There aren’t many direct-to-consumer brands shipping products that live and breathe. Which is why Bloomscape, an ecommerce houseplant shop based in Michigan, has such a unique responsibility. Founded in 2017 by Justin Mast, a fifth-generation horticulturist, Bloomscape is turning that responsibility into an enormous asset through the power of storytelling. The company continuously delights its customers (aka “plant parents”) with cheerful, high-quality videos, ranging from plant care education to sunny tours of the company greenhouse. “Before you decide to buy a plant, you need to understand where it’s coming from, and have confidence in the quality of what you’re getting,” explains Bridget Russo, Bloomscape’s CMO. “Video is a great storytelling tool for Bloomscape, because our product is visual and has an emotional connection for people. Buying a plant is not just a transactional thing, and video conveys that spirit.”To that end, Bloomscape doesn’t just ship beautiful, thriving plants from their greenhouse to a customer’s door. The brand’s mission is to help people care for their plants, ensuring every customer enjoys the cozy environment that a houseplant or two (or ten) can provide. Eager to learn more about the company’s marketing strategy, we caught up with Bridget to hear her tips for making products pop with video.
1. Build trust and solve problems
The Bloomscape team knows the value of building customer trust by anticipating problems and solving for them with video. “Video is a great tool to help with plant care,” says Bridget. “We’ve recently launched care, accessories, and tools. That’s a great opportunity to show, what’s the difference between a house snip and a pruner, and when do I use them? What plants do I use them on?” By creating content that augments their latest releases, Bloomscape is able to provide new plant parents with the tools they need, while simultaneously demonstrating the value of an entire line of products.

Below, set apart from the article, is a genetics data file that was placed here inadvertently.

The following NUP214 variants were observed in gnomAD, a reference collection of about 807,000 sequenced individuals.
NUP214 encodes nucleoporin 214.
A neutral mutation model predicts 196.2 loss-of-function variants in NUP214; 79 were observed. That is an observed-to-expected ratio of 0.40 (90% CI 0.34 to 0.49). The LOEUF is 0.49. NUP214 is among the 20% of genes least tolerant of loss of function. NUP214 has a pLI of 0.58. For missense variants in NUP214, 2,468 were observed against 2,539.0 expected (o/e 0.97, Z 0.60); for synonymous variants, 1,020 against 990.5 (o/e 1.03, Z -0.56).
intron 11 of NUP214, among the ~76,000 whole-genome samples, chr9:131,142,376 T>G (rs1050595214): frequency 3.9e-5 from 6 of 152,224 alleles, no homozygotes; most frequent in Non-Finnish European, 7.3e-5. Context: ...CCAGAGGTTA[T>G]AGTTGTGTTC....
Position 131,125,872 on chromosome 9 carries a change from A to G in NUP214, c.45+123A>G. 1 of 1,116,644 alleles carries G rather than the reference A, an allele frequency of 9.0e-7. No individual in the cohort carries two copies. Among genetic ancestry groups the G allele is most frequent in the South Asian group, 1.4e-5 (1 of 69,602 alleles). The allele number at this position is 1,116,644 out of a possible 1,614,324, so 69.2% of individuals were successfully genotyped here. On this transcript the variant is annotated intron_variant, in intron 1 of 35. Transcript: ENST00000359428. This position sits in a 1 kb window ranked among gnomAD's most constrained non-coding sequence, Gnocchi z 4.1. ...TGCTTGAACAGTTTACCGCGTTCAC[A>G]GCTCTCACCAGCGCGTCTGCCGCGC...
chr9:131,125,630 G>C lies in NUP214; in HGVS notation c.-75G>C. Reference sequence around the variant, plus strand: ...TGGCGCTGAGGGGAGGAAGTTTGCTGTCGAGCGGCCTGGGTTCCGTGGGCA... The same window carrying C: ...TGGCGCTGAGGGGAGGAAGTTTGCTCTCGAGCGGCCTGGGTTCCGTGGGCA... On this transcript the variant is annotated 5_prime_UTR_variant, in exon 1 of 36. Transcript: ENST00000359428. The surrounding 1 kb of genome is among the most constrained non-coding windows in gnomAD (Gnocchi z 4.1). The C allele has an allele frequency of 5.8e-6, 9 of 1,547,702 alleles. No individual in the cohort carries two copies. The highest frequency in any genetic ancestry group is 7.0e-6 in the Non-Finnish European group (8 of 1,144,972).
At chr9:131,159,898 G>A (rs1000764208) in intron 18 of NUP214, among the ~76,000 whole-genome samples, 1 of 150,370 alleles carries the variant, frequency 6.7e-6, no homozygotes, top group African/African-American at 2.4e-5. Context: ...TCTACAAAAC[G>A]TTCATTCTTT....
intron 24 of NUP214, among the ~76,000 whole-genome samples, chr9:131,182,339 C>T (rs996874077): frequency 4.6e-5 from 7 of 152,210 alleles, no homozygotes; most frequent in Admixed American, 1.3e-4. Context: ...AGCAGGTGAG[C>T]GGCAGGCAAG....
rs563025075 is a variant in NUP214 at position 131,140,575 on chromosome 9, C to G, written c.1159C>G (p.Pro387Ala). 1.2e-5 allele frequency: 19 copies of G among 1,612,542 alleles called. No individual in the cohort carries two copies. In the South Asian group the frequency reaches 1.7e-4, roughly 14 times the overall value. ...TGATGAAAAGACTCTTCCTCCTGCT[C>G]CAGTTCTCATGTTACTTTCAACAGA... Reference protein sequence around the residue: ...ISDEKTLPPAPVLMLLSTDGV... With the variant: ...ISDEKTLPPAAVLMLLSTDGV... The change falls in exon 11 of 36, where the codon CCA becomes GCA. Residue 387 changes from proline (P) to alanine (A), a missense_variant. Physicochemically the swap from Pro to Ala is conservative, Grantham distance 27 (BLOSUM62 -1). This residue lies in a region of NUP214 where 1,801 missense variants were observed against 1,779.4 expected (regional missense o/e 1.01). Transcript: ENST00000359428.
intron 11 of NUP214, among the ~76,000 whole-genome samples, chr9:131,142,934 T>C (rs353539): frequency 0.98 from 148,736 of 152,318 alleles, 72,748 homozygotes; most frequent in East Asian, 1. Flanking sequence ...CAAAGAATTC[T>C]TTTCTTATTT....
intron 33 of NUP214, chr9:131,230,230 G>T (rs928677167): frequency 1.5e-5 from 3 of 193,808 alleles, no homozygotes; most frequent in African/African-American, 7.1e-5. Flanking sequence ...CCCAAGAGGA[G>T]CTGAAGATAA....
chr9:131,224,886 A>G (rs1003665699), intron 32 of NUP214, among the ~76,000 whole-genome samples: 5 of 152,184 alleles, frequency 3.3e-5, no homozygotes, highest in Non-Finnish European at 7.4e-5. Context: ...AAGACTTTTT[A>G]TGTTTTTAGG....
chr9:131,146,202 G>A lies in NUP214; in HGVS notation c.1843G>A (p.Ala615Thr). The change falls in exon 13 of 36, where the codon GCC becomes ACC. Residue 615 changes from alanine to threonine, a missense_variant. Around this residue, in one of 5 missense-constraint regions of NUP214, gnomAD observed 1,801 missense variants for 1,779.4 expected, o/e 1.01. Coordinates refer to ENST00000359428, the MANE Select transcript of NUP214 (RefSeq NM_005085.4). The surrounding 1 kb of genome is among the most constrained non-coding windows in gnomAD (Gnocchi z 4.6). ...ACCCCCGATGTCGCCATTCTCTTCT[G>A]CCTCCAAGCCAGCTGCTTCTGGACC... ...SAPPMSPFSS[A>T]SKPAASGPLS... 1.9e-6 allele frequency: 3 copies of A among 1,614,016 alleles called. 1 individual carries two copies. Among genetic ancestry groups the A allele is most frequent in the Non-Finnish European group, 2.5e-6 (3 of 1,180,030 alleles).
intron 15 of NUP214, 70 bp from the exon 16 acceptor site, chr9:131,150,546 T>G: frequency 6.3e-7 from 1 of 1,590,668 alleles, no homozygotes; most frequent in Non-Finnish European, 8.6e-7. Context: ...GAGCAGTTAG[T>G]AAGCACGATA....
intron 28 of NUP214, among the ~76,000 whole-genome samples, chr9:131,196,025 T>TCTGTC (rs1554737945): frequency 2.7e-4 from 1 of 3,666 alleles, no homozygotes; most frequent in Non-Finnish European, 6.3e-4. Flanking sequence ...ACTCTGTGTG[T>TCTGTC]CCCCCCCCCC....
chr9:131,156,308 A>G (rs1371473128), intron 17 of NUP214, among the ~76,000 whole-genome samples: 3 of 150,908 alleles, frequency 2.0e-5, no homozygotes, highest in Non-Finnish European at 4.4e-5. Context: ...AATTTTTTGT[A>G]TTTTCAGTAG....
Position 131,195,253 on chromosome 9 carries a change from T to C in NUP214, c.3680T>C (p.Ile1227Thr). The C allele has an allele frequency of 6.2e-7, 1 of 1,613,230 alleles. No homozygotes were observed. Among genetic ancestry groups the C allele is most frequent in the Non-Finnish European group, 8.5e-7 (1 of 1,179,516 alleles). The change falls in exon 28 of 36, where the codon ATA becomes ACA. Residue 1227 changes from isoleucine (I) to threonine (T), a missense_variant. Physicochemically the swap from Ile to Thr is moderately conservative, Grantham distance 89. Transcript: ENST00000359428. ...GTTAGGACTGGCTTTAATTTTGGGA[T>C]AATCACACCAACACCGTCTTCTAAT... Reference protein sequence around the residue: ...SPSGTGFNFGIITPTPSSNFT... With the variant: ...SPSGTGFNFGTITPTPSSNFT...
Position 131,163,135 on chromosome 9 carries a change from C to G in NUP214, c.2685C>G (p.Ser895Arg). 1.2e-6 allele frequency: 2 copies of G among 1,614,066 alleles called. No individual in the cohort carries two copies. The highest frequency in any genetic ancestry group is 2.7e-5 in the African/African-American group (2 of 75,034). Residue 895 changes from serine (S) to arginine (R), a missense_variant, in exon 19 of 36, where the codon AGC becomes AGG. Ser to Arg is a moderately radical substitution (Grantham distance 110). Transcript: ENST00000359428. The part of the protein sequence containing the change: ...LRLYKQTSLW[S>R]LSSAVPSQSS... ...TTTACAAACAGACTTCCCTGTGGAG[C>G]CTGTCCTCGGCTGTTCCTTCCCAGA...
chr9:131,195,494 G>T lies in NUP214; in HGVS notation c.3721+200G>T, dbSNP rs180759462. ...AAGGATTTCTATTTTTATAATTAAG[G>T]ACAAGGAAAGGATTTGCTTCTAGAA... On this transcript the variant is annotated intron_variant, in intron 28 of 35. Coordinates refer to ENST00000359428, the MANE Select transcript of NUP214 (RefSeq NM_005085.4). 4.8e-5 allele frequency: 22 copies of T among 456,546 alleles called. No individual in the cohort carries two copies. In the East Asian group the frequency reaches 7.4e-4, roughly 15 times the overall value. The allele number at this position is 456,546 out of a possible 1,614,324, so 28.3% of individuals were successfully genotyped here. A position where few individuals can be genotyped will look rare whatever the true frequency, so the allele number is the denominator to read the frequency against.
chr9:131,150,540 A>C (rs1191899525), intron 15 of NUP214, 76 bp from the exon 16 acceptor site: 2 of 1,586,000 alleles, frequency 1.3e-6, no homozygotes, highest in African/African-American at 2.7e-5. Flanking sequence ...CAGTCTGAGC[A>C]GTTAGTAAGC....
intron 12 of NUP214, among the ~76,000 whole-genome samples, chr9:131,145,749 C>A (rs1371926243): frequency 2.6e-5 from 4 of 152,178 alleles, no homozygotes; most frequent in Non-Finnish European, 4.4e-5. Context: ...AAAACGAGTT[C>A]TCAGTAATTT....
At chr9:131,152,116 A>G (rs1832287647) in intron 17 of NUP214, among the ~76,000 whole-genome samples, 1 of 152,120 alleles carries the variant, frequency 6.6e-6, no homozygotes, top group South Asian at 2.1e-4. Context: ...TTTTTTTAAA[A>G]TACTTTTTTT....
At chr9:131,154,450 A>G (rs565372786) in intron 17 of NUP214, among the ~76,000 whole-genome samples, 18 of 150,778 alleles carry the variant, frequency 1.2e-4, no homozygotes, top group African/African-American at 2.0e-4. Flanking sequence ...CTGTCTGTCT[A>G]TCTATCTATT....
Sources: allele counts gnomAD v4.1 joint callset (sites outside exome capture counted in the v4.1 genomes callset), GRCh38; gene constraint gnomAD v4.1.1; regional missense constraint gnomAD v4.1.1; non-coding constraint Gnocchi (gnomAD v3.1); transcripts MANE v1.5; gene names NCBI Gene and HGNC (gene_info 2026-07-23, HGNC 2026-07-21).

2. Prioritize the customer journey
No successful ecommerce video campaign should kick off without a plan. “Make sure you’re very clear about your content pillars,” says Bridget. “What are the themes you want to drive home, and how are you using video to do that? Think about the customer journey from acquisition to retention.” Bloomscape’s video content is built to meet potential customers wherever they are in the buying process. “Whether it’s converting someone or working from a service perspective for your existing customers, find out how you can use video to serve them,” reminds Bridget.
3. Show off your expertise
One things that sets Bloomscape apart from the pack is the founding family’s long horticultural history. “We’re five generations in the plant business,” says Bridget. “Justin, our founder, and his family, the Mast family, have been in this world for a long time. That’s something that’s not only a differentiator for our competitors, but also helps to give people confidence in the product they’re getting.”That’s why the team utilizes experts in the Bloomscape family to educate customers on all things green and leafy. The charming “Plant Mom” series, for example, centers on founder Justin Mast’s mother as she guides viewers through the company greenhouse.
“On-site video helps us drive home the message, ‘From our greenhouse to your home.’ There’s no middleman, which is what sets you up for success.”
4. Keep track of your progress
“Engagement, completion, and conversion are all key factors to track,” says Bridget. Bloomscape knows the value of keeping tabs on the progress and success of your video efforts. By constantly assessing the performance of different video series, the team is always honing their work. And, in turn, making better video.
5. Work with what you’ve got
Like most companies making their way right now, 2020’s uncertain landscape has posed its fair amount of challenges. But that doesn’t mean the Bloomscape team has stopped churning out high quality video. “We’re looking at what we can do with influencers or members of our team who are shooting on their iPhones,” says Bridget. “Then we take that content, and kick it over to a studio we work with, Wild Free, to do some light editing, add graphics, and add music to make a final piece. We’ve been DIYing it, which the customer may appreciate even more than a super produced video.”
Sharon Steel is a writer living and working in New York City. She has written about books and culture for the New Yorker, the Boston Globe, The Millions, and other places. Her website is sharoncsteel.com.